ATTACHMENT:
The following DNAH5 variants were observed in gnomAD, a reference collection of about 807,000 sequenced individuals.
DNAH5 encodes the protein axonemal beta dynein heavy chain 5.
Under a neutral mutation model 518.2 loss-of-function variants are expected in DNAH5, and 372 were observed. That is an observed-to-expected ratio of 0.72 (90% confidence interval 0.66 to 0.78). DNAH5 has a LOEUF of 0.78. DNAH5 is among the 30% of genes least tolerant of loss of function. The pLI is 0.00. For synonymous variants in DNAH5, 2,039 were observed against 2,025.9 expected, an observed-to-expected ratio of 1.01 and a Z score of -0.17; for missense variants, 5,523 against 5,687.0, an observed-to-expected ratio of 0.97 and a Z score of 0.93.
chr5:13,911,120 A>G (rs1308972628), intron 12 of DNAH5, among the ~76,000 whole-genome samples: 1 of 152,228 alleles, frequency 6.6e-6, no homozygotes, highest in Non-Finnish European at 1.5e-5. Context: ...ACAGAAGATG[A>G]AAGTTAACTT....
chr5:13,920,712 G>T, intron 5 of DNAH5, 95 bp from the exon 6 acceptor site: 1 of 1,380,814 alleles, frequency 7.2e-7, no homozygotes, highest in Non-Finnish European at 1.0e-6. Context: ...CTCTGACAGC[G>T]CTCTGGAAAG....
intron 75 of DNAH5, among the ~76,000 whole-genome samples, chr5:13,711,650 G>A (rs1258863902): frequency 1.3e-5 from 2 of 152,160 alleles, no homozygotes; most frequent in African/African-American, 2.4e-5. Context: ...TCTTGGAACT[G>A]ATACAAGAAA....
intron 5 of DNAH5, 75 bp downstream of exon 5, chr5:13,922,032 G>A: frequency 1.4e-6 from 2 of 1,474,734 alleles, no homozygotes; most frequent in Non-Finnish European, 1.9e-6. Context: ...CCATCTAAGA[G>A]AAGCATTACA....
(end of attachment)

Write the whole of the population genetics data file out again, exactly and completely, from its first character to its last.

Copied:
The following DNAH5 variants were observed in gnomAD, a reference collection of about 807,000 sequenced individuals.
DNAH5 encodes the protein axonemal beta dynein heavy chain 5.
Under a neutral mutation model 518.2 loss-of-function variants are expected in DNAH5, and 372 were observed. That is an observed-to-expected ratio of 0.72 (90% confidence interval 0.66 to 0.78). DNAH5 has a LOEUF of 0.78. DNAH5 is among the 30% of genes least tolerant of loss of function. The pLI is 0.00. For synonymous variants in DNAH5, 2,039 were observed against 2,025.9 expected, an observed-to-expected ratio of 1.01 and a Z score of -0.17; for missense variants, 5,523 against 5,687.0, an observed-to-expected ratio of 0.97 and a Z score of 0.93.
chr5:13,911,120 A>G (rs1308972628), intron 12 of DNAH5, among the ~76,000 whole-genome samples: 1 of 152,228 alleles, frequency 6.6e-6, no homozygotes, highest in Non-Finnish European at 1.5e-5. Context: ...ACAGAAGATG[A>G]AAGTTAACTT....
chr5:13,920,712 G>T, intron 5 of DNAH5, 95 bp from the exon 6 acceptor site: 1 of 1,380,814 alleles, frequency 7.2e-7, no homozygotes, highest in Non-Finnish European at 1.0e-6. Context: ...CTCTGACAGC[G>T]CTCTGGAAAG....
intron 75 of DNAH5, among the ~76,000 whole-genome samples, chr5:13,711,650 G>A (rs1258863902): frequency 1.3e-5 from 2 of 152,160 alleles, no homozygotes; most frequent in African/African-American, 2.4e-5. Context: ...TCTTGGAACT[G>A]ATACAAGAAA....
intron 5 of DNAH5, 75 bp downstream of exon 5, chr5:13,922,032 G>A: frequency 1.4e-6 from 2 of 1,474,734 alleles, no homozygotes; most frequent in Non-Finnish European, 1.9e-6. Context: ...CCATCTAAGA[G>A]AAGCATTACA....